A survey released in February 2021 by the Office for National Statistics revealed that only 22% of autistic adults were in any kind of employment. Meanwhile, a previous study by the National Autistic Society stated that 77% of adults with autism wanted to be at work.
Against the backdrop of this discrepancy, research has consistently shown that autistic people have an aptitude for coding and programming. Autistic people are typically left-brained, meaning that they are analytical and methodical in their thinking, and respond well to tasks that involve sequences and predictability.
This phenomenon has been recognised by various organisations in the corporate sector and beyond. One example is financial services giant JP Morgan. In 2016 the company deliberately sourced employees and interns from people with Autistic Spectrum Disorder (ASD). The head of the firm’s Autism at Work programme, Anthon Pacilio concluded that those with ASD “considerably outperformed” neurotypical people.
While there are several hurdles faced by autistic people in entering the job market (among them sensitivity to change of environment, including lighting and sound and time needed to process information), vacancies in the digital sector have increased by 33% since April 2020, so it stands to reason that there is room for more autistic people to enter the job market.
Edtech’s role in schools
So, it would seem like an obvious step to make sure that edtech is used in schools for the benefit of pupils with neurodiverse and neurotypical pupils alike.
A recent report by Sheffield Hallam University, authored by Dr Jill Pluquailec, a senior lecturer in autism, and Gill O’Connor, an autistic researcher, concluded that compulsory education must create more flexible ways for autistic students to engage with school, offering them greater autonomy and options for home learning.
This report does not specifically mention edtech but plenty of studies have. Indeed, studies from nearly half a century ago have made a link between technology and ‘autism intervention’ and the research, focusing on the 6 to 12 age range, has grown substantially since.
One large-scale initiative is ECHOES run by UCL’s Faculty of Education and Society. A technology-enhanced learning (TEL) environment for children between five and seven, ECHOES monitors how the children “explore and practise skills needed for successful social interaction, such as sharing of attention with others, turn-taking, initiating and responding to bids for interaction.”
“Technology seems to work very effectively for many autistic individuals,” says Dr Lila Kossyvaki, Assistant Professor in Severe Profound and Multiple Learning Disabilities at Birmingham University’s School of Education.
“It offers an organised and structured environment which research has shown can be very conducive to learning for autistic pupils. In technology, there is no need for use of language to communicate and social interactions, areas which autistic individuals tend to have difficulties in.”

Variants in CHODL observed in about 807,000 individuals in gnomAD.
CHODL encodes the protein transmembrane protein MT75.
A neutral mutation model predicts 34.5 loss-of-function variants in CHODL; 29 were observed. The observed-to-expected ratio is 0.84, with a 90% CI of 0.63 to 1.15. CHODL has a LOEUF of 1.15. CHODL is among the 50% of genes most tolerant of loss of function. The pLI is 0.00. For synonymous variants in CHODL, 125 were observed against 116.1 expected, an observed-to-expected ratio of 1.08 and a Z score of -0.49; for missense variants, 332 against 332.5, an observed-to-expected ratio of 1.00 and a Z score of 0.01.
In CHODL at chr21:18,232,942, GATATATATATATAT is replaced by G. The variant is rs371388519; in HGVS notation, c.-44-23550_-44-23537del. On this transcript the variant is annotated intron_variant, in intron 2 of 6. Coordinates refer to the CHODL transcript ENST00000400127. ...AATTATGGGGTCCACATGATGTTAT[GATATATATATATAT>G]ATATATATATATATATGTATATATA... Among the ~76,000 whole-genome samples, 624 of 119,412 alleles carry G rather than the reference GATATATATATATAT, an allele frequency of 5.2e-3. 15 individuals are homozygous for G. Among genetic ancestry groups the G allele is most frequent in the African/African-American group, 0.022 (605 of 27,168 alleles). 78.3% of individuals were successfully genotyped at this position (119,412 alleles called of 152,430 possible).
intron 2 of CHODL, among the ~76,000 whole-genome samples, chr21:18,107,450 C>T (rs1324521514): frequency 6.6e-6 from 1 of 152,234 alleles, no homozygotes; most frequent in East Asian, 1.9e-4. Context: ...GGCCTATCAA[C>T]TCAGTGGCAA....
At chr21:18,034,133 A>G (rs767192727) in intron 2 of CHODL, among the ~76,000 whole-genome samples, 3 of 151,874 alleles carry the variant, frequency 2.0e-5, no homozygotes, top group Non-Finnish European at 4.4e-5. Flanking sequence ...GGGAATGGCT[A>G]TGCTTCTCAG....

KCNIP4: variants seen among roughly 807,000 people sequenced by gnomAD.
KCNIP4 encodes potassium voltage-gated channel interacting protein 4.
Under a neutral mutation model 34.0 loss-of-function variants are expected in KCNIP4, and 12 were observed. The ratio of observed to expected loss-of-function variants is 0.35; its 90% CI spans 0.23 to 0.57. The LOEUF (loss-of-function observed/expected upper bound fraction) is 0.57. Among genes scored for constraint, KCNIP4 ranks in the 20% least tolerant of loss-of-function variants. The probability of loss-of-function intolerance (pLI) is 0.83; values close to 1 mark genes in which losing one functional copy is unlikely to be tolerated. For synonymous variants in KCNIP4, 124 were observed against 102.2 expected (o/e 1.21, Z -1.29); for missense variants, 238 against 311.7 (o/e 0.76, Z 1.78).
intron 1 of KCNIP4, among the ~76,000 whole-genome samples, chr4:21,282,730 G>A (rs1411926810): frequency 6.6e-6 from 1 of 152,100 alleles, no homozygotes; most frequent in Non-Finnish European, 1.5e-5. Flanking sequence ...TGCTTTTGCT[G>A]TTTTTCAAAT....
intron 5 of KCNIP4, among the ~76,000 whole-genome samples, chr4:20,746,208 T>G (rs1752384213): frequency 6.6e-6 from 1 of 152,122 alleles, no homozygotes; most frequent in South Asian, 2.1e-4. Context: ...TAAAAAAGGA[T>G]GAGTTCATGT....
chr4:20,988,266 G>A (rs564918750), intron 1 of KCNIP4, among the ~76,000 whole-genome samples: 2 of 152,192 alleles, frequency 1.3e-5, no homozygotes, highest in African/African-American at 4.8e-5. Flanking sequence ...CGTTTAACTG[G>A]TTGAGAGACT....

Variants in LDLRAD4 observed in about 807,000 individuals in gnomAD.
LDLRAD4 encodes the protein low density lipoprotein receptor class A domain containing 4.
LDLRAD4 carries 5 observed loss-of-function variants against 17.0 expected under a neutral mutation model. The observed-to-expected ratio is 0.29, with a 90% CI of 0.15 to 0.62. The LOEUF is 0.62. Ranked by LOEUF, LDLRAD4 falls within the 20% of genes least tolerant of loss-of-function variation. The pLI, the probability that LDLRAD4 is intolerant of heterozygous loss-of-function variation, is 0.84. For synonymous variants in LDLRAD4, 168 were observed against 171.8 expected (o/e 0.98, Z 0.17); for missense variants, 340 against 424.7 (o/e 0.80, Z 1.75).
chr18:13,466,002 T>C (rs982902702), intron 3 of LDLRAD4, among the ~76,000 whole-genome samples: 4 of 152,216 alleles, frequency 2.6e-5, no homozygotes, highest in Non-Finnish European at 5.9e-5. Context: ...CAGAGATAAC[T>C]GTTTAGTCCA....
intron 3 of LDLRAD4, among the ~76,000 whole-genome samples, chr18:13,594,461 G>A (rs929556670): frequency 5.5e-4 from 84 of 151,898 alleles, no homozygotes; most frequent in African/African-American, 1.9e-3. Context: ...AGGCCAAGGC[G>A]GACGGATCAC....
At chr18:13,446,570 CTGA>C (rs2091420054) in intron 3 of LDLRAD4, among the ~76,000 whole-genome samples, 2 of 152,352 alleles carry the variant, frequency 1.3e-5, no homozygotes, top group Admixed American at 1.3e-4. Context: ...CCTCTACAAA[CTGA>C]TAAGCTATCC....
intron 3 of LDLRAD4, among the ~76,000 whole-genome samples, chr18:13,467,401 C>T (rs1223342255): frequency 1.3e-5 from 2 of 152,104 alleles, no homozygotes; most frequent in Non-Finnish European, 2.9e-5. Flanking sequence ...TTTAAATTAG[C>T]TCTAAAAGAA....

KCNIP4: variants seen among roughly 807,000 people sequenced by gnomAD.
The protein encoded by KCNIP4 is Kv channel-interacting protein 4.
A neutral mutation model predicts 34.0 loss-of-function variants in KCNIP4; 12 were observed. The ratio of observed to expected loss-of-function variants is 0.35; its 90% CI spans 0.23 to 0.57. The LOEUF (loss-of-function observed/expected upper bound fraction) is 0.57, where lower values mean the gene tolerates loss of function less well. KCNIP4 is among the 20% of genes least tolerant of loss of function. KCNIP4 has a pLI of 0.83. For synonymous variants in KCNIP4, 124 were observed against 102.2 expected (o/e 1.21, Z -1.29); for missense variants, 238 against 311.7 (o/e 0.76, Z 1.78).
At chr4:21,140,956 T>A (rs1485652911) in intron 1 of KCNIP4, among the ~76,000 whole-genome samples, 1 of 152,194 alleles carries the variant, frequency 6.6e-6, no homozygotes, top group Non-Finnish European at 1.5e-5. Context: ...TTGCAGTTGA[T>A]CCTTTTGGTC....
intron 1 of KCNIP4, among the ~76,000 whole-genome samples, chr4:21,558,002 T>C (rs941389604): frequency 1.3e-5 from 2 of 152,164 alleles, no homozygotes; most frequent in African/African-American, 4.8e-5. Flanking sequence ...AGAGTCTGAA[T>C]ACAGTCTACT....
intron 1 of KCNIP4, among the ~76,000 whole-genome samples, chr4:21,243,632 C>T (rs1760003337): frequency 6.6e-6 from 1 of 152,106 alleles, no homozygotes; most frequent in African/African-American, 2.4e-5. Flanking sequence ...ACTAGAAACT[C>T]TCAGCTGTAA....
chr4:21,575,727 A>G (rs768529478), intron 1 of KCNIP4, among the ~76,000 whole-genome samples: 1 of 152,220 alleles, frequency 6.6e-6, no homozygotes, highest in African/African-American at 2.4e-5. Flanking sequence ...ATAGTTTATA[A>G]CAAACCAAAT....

Technology can help break down tasks into smaller steps, something which, as Dr Kossyvaki says, “is likely to help all pupils struggling with a specific task including the autistic pupils.”
“The content of tasks can be selected according to an individual’s cognitive and language abilities,” continues Dr Kossyvaki, “as well as their interests and preferences, which makes the tasks more appropriate but also interesting for all children and, as a result, it is more likely for them to succeed.”
In this way, edtech can be used to support autistic pupils to develop or master a range of skills such as social communication and interaction (e.g., initiating communication, developing and maintaining friendships and developing empathy), academic skills (e.g., literacy, numeracy, reasoning and attention) and life skills (e.g., independence, transitioning, money and leisure time management and reducing stress levels).
Case study of an edtech initiative in action: CPAT
Last year an experiment involving CPAT – Computerised Progressive Attentional Training – showed that attention training can help young people with autism improve their academic performance.
The experiment was a joint venture between researchers at the University of Birmingham and an ASD Reference Unit in Sao Paolo, Brazil. 26 autistic children between the ages of eight and 14 participated. Half were given ordinary computer games to play while the other half took part in the CPAT programme, which includes training games targeting different types of attention, and at progressively more difficult levels.
Describing the results, a release from the University of Birmingham stated that: ‘Immediately after completing the training the CPAT group showed improvements in the number of isolated words they could correctly identify and read in 10 minutes (an increase from around 44 to around 53). They were also able to increase the number of words they could copy from around 18 to around 25. In maths, the CPAT group improved their scores by more than 50 per cent. All these improvements were maintained when the children were re-tested three months after completing the programme.
‘In contrast, the control group participants showed no evidence of improvement in any of the three areas.’
CPAT is part of the university’s Teacher Training and Attention in Autism (TTAA) project, funded by Erasmus+. It has partners in Greece, Spain, Israel and the UK, across which local pilots are taking place.
Dr Carmel Mevorach, lead researcher in the University of Birmingham’s Centre for Human Brain Health said: “We’ve found that by giving teachers the freedom to experiment with CPAT we are finding out much more about its potential benefits. Autism is highly individual, so developing an intervention that can be tuned to a particular individual or setting is really key to success.”
While there is some evidence pointing to the benefits of using edtech for young people with autism, this is counterbalanced by evidence that it can isolate children
– Sonia Livingstone, London School of Economics (LSE)
The range of edtech support
This year, a pilot Assistive Technology Training pilot project was announced by the National Association for Special Educational Needs (Nasen), a charitable organisation promoting the support of children and young people with SEND (Special Educational Needs and Disability). Teaming up with Assistive Technology company, Microlink, the pilot seeks to further expand the uptake of technology to support young people with SEND and learning differences.
In terms of autism, Assistive Technology (AT) ranges from low to mid to high tech and includes everything from picture boards to apps to robots for communication and learning.
Another example of AT is Microsoft’s Reading Progress tool in Microsoft Teams. Jennifer King, Executive Industry Advisor (Education) at Microsoft describes the tool as providing “a non-stigmatising opportunity for students to practice and improve their reading skills where students can read passages while recording the video and audio of the text. In Insights, teachers can then access related data on individual students as well as the whole class to analyse reading successes and difficulties.”